The lifting of the decade-long ban on importation of right-hand-drive motor vehicles is likely to make Rwanda competitive in the regional transport and logistics services business.
It is estimated that Rwanda spends more than $350 million annually on logistics and transport, but much of this money benefits foreign-registered cargo transport firms.
Analysts believe it is against this backdrop that a presidential order of February 25 lifting the ban has officially allowed 20 tonnes cargo trucks and above, buses used for cross-border public transport and road tractors to be registered in Rwanda.
The order overturns part of the September 2002 presidential decree, which banned right-hand-drives in Rwanda. The decree came into force in 2005. And since then Rwanda Revenue Authority (RRA) has not been registering right-hand-drive vehicles.
“All motor vehicles to be registered in Rwanda must have a steering apparatus on the left hand side except the trucks having at least twenty (20) tonnes loading capacity, buses used for cross-border public transport and road tractors,” reads the presidential order.
The recent order, however, has maintained the earlier ban on registering left-hand vehicles in Rwanda. This means so long as the vehicle is to be used within Rwanda, they must be right-hand. And should regional vehicles be driven on Rwandan roads they must not spend more than three months.
Ban on right-hand drive vehicles was not received positively by some Rwandans who had hoped that the government would follow its regional peers, who allow drive right-hand-drive vehicles on their roads.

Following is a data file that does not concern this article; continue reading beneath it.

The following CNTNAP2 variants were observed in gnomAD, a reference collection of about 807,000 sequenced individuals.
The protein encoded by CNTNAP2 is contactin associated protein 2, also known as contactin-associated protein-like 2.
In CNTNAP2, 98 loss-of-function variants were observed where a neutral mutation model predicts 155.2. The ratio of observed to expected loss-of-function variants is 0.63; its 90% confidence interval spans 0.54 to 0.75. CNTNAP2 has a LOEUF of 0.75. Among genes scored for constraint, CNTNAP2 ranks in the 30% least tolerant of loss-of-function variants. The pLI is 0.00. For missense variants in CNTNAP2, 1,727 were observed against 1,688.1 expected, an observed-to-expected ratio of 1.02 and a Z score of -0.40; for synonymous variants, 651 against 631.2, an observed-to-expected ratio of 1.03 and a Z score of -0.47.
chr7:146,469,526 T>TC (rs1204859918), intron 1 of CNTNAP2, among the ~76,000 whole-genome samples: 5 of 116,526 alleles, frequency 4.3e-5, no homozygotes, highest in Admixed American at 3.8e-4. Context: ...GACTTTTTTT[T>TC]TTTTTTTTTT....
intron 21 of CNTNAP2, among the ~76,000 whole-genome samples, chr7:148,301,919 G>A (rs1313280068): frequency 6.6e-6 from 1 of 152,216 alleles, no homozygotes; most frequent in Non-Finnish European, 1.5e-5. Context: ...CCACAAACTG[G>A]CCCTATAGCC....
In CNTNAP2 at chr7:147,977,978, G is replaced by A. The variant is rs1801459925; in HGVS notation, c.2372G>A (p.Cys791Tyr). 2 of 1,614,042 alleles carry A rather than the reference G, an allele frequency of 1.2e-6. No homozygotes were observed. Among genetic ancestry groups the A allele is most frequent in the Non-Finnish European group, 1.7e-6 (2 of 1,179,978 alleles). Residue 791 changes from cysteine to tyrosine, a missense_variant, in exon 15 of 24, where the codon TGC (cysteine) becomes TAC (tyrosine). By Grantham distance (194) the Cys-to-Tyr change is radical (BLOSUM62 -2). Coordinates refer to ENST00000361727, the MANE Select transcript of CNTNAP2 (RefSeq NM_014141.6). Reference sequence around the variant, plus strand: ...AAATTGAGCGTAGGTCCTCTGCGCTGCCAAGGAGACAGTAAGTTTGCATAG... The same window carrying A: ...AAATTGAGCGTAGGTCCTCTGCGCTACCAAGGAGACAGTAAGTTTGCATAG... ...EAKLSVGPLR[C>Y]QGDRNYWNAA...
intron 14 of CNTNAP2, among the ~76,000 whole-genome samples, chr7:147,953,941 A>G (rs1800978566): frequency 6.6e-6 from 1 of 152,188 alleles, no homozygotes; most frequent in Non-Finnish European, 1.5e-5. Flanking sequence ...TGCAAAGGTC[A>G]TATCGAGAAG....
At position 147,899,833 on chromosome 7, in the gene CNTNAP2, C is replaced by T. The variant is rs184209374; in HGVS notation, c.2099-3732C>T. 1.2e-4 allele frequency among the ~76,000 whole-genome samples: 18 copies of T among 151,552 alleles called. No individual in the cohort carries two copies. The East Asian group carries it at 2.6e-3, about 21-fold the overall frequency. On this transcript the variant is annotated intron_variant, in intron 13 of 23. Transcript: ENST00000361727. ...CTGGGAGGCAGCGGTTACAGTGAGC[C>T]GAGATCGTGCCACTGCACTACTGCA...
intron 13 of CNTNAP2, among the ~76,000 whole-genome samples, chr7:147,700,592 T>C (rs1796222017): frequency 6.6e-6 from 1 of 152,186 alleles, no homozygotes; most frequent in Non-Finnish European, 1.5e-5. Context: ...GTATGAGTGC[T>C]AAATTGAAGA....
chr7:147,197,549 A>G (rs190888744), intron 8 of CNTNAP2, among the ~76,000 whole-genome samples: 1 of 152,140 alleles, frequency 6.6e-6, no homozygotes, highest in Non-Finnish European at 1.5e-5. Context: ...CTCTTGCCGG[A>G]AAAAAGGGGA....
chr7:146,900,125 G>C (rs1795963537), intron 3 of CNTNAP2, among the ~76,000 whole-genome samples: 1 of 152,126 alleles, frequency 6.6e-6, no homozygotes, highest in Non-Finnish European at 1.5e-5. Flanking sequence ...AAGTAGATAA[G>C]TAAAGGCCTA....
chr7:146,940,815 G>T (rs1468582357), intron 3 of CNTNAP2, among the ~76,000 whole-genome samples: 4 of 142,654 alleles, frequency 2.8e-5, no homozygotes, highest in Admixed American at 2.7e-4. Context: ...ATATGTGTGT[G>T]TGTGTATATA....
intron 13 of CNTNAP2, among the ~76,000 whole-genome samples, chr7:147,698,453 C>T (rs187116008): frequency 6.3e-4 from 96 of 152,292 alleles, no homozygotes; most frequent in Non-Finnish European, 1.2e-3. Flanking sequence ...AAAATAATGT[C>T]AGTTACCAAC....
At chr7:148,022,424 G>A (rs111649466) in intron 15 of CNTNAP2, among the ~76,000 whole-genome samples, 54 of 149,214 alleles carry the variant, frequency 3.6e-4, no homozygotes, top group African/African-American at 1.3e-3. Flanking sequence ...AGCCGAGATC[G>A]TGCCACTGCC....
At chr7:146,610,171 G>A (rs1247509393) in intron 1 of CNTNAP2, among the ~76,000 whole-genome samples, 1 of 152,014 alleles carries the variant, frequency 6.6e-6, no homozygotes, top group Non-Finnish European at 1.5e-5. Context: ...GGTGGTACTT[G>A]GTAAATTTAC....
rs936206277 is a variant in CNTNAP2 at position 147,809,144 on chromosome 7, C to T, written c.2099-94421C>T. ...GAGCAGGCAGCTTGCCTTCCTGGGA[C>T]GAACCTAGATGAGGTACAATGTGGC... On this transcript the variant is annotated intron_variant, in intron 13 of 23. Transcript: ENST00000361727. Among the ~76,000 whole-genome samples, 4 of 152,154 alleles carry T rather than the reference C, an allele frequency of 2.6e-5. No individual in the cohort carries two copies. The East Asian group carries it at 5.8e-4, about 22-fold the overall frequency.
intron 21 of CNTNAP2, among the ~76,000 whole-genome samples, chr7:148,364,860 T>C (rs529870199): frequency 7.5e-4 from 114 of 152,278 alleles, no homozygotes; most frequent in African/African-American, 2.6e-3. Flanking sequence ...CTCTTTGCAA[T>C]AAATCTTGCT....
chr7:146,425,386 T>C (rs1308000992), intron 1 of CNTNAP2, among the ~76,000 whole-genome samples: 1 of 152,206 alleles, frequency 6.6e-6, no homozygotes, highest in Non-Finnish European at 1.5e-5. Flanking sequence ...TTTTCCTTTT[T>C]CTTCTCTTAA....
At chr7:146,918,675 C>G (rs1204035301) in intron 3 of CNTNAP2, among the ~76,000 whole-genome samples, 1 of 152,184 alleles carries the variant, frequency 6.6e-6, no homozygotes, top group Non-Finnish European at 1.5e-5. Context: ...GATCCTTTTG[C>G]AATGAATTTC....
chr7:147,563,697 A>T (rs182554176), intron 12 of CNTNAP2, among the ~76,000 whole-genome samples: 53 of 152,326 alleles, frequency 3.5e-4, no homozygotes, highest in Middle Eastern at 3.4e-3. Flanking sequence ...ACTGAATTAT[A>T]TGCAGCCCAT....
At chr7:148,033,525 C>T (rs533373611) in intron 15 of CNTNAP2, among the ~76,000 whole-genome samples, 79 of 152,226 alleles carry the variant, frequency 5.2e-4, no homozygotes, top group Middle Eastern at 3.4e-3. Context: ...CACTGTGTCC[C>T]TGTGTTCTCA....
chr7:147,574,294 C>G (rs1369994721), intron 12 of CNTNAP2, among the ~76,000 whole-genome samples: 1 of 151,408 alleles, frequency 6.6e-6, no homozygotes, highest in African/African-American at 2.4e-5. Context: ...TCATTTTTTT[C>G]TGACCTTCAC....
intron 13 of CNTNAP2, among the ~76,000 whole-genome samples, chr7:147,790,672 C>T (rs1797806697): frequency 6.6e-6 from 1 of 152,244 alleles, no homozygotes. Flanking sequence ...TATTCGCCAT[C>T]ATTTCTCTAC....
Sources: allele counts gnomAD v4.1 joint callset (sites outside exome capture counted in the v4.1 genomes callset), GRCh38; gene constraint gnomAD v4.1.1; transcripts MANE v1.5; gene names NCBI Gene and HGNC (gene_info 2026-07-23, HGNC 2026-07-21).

Earlier, studies on whether to switch from left-hand to right-hand-drive vehicles had indicated that at least 54 per cent of Rwandans were in favour of left-hand drive while only 32 per cent were against. The study was carried out by Dr Barisay Mahabubul, a transport economic expert at the Ministry of Infrastructure.
“A 40-tonne Mercedes Benz truck made in Europe costs $1,000 more compared with a right-hand-drive one. When a Rwandan is paying $3,000 per each left-hand-drive truck, other regional players where right-hand-drive trucks are allowed pay $2,000,” said Abdul Ndaru, vice-president of Rwanda long-distance transporters association.
Many Rwandans have also dropped out of business as the sector became increasingly unattractive to investors, a 2012 Road freight industry competitiveness study.
The study commissioned by Ministry of Trade and Industry shows that the numbers of Rwandans investing in the truck sector have dropped by 14 per cent in the past five years.
Col (Rtd) Dodo Twahirwa, executive chairman of Trinity Express, a local Rwandan registered bus company with a fleet to Burundi and Uganda welcomed the partial lifting of the ban, saying it is likely that more Rwandans will invest in cross-border transport.